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Julia Leonardi // 9.7.2020

All three of these readings were genuinely enjoyable. All three chapters really highlight Twitty’s relationship with his own culture and history, but through food and cooking. It is so interesting to see history taught through lenses opposed to the traditional way. Food is such an important part of culture, and reading about it, and the traditions that come with it, can be such an intimate way to learn history. “Your plate is your flag.”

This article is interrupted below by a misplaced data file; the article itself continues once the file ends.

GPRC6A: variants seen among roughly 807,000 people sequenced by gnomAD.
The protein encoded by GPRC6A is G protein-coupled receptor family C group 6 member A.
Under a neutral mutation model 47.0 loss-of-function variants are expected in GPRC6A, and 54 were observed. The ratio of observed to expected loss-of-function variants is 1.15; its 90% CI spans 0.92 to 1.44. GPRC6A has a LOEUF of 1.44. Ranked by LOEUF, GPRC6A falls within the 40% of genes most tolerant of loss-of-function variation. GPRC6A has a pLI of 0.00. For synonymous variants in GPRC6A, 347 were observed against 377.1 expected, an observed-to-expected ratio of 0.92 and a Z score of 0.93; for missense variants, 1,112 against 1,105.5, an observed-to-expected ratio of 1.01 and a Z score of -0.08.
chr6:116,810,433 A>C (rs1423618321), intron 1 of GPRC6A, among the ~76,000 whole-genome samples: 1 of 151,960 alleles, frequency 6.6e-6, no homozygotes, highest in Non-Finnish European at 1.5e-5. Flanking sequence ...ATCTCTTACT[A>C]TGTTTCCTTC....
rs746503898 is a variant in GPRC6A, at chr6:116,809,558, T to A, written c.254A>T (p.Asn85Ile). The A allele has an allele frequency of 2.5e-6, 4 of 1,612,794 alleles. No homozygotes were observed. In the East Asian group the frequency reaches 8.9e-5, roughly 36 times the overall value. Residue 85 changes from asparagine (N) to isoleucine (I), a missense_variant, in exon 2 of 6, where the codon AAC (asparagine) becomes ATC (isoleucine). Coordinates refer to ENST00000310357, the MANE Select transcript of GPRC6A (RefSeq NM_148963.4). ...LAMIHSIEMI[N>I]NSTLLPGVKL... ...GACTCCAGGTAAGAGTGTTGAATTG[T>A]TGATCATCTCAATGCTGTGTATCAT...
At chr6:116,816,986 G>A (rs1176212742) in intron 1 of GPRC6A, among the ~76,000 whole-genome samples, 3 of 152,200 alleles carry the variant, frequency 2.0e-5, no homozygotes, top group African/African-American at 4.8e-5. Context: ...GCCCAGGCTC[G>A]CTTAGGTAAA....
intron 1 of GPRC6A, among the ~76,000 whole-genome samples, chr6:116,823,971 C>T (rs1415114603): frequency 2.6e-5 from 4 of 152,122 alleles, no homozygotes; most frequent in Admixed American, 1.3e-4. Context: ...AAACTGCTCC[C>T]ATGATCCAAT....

Books like these make it so much easier for the reader to connect to the message. Food and culture in food is such a relatable thing, and something that most people, if not all, experience. It makes it so I feel more connected to the author and I can understand him in such a human to human way. So many times, reading these stories, it is so hard to conceptualize because these things happened so long ago and sometimes learning about history can feel very disconnected and far away. This type of writing makes the whole difference for me. Reading about Twitty’s hardships, especially about his inability to find his family’s ancestry feels so much more personal now. I can feel how lucky and privileged I am to be able to trace down my great great grandma’s recipe for pāo de queijo, whilst Twitty and many others cannot. This is something that is not talked about enough within our community. It is also something that I believe should be governmentally funded. Finding where you come from is vital to your identity, and to see people being robbed of that and nothing being done to repair that is unacceptable.

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